Given Aquila's inability to achieve an investment-grade credit rating, the staff of the Kansas Corporation Commission (KCC) is recommending that the commission order the company to either divest its Kansas gas utility or establish a corporate structure with ring fencing that protects the utility and its ratepayers in the event of an adverse regulatory action in another state. Aquila has requested that it be allowed to file a response to the staff report by May 1.
The Kansas City-based company failed to meet a Feb. 9 KCC deadline to reach investment-grade status and isn't expected to be investment-grade for some time. The sale of its Kansas utility assets is inevitable given the company's poor financial condition, KCC staff said.
Staff noted that the Kansas utility operations account for about 5% of Aquila's assets after the recent sale of four utilities and some power generation assets in other states. On Sept. 21, 2005, Aquila signed agreements to sell its natural gas operations in Michigan, Minnesota and Missouri, as well as its electric operations in Kansas. On April 1, 2006, Aquila sold its Michigan utility operations.
"However, regulatory decisions made for Aquila's other remaining utilities outside Kansas..., especially for Aquila's substantial utility businesses in the state of Missouri, can have a significant impact on the overhead costs attributed to and the survival of Aquila's natural gas business in Kansas. Therefore, staff does not believe it is in the best interest of Kansas' ratepayers for Aquila to subject them to the risks associated with extending the commission deadline for Aquila to achieve investment-grade metrics beyond February 2006."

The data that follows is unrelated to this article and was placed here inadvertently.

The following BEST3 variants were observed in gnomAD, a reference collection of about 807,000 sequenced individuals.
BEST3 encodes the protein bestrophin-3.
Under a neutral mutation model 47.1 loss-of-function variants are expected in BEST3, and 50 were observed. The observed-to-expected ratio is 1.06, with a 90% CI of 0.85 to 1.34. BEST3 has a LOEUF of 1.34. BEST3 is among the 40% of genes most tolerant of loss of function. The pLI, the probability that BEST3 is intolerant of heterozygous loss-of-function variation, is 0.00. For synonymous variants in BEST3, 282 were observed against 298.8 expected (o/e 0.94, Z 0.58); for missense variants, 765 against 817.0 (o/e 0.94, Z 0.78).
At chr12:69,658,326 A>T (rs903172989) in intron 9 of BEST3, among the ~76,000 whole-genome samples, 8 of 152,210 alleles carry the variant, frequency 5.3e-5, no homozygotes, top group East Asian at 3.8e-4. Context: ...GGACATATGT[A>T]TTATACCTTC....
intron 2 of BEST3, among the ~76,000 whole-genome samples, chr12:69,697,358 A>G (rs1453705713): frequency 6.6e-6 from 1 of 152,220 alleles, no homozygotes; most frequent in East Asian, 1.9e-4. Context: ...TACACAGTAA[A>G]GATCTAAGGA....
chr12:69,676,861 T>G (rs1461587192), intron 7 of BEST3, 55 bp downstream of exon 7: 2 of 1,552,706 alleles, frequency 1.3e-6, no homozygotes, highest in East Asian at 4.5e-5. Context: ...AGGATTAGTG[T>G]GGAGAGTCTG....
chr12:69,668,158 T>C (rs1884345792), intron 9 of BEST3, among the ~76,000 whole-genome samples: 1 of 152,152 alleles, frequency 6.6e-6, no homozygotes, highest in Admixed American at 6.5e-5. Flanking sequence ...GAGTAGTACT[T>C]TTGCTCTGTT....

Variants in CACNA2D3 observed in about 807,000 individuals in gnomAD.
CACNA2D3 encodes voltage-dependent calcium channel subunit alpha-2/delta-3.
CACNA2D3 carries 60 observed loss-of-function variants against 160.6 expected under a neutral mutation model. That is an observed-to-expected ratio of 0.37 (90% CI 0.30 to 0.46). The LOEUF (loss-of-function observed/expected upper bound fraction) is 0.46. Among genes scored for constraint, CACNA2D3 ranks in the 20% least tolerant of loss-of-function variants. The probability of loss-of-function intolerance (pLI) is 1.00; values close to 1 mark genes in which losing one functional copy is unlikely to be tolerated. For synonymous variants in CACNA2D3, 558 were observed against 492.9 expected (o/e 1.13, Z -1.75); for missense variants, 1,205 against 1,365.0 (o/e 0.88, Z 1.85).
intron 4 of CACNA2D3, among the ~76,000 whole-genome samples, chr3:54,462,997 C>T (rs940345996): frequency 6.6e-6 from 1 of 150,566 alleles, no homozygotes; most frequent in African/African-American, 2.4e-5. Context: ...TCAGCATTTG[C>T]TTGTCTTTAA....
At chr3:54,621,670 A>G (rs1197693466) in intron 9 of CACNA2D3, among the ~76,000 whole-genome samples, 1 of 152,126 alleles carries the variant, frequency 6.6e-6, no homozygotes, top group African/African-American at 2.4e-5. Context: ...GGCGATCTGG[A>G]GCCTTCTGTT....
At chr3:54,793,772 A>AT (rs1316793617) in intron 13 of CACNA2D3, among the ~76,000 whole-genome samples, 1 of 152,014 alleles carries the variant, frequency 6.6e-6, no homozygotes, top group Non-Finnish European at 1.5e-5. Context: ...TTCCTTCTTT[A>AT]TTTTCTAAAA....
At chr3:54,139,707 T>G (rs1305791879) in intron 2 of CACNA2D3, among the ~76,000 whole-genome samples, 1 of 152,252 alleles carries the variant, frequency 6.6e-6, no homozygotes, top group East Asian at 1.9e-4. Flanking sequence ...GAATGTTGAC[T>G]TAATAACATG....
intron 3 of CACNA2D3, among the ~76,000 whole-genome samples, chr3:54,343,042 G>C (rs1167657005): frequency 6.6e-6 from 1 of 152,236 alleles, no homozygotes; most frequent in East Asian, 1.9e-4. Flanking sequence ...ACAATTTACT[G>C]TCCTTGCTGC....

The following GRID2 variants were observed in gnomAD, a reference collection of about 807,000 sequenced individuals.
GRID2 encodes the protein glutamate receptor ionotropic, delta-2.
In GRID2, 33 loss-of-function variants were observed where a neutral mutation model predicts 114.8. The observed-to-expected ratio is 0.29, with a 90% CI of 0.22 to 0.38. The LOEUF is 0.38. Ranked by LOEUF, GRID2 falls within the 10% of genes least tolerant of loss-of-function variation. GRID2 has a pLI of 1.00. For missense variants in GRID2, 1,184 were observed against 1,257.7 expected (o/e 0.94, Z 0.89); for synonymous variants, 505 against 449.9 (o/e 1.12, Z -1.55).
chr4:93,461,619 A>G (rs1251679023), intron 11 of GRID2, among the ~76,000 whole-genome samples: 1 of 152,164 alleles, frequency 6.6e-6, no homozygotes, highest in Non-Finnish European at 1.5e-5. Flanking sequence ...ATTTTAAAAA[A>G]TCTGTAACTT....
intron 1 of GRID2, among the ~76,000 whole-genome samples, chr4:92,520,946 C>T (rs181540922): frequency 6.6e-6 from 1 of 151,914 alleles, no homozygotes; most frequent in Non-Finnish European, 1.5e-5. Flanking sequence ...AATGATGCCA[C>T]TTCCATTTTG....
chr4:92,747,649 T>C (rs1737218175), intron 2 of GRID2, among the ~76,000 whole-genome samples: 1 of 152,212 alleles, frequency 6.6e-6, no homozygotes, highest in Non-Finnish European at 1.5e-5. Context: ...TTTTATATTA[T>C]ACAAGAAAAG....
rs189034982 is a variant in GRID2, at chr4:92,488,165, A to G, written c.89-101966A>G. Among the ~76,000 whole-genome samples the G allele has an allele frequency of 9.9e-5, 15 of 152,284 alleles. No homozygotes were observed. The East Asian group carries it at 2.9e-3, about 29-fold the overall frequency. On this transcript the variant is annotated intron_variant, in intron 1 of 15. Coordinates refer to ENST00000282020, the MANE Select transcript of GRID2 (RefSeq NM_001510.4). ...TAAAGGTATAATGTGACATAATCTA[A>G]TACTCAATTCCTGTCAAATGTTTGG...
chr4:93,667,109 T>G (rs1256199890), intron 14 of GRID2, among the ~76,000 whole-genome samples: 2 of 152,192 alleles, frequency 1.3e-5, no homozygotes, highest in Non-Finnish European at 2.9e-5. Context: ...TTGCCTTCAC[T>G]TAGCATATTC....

Staff said it believes divestiture of the Kansas utility assets "is in the best interests of shareholders and ratepayers." It said the divestiture process should start within 60 days after the KCC issues an order on the matter. It also recommended that the commission require the company to submit a status report within 30 days of an order and meet with staff on that report. The report, staff said, should include an update on the status of all pending and planned utility asset divestitures. Furthermore, the company should be required to meet with staff at least every 90 days thereafter for updates.
Still suffering from continuing losses by its now-defunct energy merchant division, Aquila reported a net loss of $230 million, or 60 cents/diluted share, last year, compared to a loss of $292.5 million, or $1.13/diluted share, in 2004, despite overall sales rising to $1.3 billion from $971 million the previous year. Losses continued to grow in the fourth quarter last year ($127.8 million, or 34 cents/share, compared to $81 million, or 21 cents/share in the fourth quarter of 2004) due mostly to a $159.5 million impairment charge at Illinois peaking plants.
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